Manchego and Rosemary Risotto

Summary: Recently, I had an outstanding meal at The Magpie in Richmond, VA. My appetizers were the stars, and the flavors of the simple but perfectly executed arancini have stayed on the tip of my tongue since. Orbs of Manchego, rosemary and creamy rice were fried to a light, greaseless crisp and perched atop fig compote and adorned with pea tendrils. Each bite was breathtaking. As such, I simply had to recreate.
Because I don't love to fry at home and because I wanted more of an entree than appetizer, I decided on risotto; after all, the primary ingredient -rice- is the same. I bought young Manchego (three months) and also one more mature (6 months) because I like the melt factor of soft cheeses and the punch of older, harder ones. An equal parts blend worked phenomenally here, but you could certainly just one if you prefer.
The rosemary is key as is a gently sauteed base of shallots and garlic. Go outta the gate slowly and keep that pace, and you'll be richly rewarded. This makes two hearty entree portions or four side portions. It's great as is but would also be nice topped with grilled shrimp, seared scallops or even some chopped figs.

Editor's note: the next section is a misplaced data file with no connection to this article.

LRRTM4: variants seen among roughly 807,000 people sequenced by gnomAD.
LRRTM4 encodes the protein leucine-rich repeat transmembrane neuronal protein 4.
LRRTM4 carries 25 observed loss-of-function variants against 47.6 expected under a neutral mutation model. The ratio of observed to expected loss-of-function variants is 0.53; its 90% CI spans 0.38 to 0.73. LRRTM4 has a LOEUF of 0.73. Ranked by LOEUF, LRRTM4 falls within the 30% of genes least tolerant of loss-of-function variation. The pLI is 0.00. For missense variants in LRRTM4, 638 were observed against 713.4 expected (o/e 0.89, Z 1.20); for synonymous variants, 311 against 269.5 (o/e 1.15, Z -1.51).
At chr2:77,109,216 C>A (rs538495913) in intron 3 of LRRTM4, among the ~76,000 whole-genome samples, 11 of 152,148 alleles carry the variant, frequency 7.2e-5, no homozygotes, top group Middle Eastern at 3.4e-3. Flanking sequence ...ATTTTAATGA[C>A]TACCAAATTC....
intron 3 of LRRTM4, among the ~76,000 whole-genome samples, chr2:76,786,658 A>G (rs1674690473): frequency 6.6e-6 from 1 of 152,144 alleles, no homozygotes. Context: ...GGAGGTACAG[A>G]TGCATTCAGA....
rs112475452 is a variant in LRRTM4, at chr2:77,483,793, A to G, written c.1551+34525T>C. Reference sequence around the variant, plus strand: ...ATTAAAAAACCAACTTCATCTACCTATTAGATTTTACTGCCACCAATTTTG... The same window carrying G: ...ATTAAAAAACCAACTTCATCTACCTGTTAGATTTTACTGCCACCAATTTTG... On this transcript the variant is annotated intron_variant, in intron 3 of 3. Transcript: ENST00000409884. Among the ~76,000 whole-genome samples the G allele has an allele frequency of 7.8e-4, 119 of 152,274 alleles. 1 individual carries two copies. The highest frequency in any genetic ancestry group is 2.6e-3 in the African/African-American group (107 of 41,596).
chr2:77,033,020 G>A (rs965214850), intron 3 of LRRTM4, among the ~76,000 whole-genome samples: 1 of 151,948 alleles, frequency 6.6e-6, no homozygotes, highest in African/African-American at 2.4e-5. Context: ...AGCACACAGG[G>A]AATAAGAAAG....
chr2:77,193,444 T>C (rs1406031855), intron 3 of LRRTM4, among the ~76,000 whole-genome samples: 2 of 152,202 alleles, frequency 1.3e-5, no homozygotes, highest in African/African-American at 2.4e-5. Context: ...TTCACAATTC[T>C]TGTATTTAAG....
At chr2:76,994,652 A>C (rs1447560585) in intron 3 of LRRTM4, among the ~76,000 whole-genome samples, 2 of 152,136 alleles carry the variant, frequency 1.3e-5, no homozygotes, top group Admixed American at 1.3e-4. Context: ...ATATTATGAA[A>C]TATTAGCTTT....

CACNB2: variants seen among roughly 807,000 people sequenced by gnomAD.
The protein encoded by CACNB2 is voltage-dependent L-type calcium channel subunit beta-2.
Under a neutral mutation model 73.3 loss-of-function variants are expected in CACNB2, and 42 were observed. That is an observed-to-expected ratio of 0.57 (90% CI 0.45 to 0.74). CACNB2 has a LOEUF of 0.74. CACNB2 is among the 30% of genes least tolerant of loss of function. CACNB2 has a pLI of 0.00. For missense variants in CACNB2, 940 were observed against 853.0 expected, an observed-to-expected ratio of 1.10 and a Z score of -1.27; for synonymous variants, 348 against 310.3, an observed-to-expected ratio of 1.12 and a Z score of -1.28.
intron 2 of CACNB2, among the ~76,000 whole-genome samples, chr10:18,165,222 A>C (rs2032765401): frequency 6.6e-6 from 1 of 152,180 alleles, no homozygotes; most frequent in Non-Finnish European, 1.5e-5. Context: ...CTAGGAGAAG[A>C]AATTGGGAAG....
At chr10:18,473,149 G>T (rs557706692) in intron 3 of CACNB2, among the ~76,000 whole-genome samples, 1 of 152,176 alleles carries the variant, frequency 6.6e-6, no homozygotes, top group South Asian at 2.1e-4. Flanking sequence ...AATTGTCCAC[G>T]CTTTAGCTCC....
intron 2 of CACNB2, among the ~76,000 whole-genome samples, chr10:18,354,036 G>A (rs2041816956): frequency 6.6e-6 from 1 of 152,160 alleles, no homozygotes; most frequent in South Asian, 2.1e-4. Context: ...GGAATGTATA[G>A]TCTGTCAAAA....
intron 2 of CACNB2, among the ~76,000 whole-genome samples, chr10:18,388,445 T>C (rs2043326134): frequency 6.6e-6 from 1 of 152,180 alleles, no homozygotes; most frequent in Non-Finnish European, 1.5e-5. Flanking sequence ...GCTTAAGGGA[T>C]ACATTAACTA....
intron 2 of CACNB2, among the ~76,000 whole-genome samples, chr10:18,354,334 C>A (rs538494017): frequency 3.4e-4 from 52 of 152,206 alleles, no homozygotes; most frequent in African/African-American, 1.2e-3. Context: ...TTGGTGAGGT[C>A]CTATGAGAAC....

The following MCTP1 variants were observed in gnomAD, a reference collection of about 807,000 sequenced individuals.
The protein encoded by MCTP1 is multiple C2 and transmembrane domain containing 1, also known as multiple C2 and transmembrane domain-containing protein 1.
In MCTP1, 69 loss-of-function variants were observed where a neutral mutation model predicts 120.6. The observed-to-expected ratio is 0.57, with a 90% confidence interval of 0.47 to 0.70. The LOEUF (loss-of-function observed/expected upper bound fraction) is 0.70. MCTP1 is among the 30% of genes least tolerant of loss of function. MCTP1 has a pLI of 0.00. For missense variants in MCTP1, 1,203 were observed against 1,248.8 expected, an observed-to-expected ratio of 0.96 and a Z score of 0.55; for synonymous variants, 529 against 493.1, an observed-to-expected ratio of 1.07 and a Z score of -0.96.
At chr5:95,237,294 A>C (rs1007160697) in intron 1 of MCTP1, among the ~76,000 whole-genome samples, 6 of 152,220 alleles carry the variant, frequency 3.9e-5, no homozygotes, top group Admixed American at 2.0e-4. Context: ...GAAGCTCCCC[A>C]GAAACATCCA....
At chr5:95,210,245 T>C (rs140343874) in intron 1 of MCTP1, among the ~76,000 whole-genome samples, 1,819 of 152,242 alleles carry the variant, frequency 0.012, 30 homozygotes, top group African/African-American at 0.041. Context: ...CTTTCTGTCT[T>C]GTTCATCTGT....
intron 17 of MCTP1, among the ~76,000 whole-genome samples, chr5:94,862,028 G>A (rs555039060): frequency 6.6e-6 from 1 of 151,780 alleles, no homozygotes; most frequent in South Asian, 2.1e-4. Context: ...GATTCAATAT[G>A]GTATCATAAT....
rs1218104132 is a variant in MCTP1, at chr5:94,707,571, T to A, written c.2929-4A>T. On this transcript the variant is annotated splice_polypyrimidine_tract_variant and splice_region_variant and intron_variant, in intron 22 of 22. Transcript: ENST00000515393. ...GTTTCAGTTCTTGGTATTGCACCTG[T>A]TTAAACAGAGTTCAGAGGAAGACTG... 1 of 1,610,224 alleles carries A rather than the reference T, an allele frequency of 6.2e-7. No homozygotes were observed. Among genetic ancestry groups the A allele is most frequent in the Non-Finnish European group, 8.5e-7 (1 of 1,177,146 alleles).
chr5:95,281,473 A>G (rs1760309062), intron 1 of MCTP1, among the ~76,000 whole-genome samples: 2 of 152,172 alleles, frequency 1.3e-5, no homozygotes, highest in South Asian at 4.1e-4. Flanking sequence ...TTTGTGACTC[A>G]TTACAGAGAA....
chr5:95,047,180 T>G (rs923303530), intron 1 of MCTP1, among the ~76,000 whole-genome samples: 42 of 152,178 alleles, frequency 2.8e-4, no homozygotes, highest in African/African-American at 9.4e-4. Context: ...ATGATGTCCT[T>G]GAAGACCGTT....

Yield: serves 2


  • 3 cups chicken (or vegetable) broth
  • 1 tablespoon butter
  • 1 tablespoon extra virgin olive oil
  • 1 clove of garlic, peeled and minced
  • 2 tablespoons + 1 teaspoon finely diced shallots
  • 1 generous teaspoon chopped fresh rosemary
  • 1/2 teaspoon salt
  • 1¼ cups arborio rice (or another short grain rice if you can't find arborio)
  • ¼ cup white wine (I used a crisp sauvignon blanc)
  • 1 cup grated Manchego cheese (I used equal parts young and more mature Manchego)


Into a 2 quart saucepan set over medium-high heat, pour the chicken broth. Bring it to a simmer and keep it there, adjusting temperature as needed.

In a 4 quart saucepan set over medium heat, put the butter and olive oil. When the butter is mostly melted, add the garlic, shallots, rosemary and salt, and, using a wooden spoon, stir gently so that everything becomes evenly coated in the butter-oil mixture. Saute, stirring regularly, for 2-3 minutes. Nothing should brown! You just want things to soften, become fragrant and the shallots will start to look translucent.

Add the rice, and stir to combine everything. Let the rice toast for about a minute and then deglaze by pouring in the white wine.

When the wine is mostly absorbed, add the broth one half cup at a time, making sure each new addition is mostly absorbed before adding the next. This is not a quick-cook process so stir slowly and consistently and just be patient, as if you're happily tending a lazy flock.

When all the broth has been added and absorbed, taste the rice. Is it creamy and just al dente? If so, you are ready to add the cheese which you should just dump on top and fold in. If the rice is not quite tender enough for your preference, add a bit of water, stir and cook, continuing this until the rice is to your desired doneness. Using the three cups of broth, the cooking time will be somewhere around 25 minutes.

Serve as soon as you've folded in and evenly distributed the cheese. Garnish with sprigs of fresh rosemary if you have them!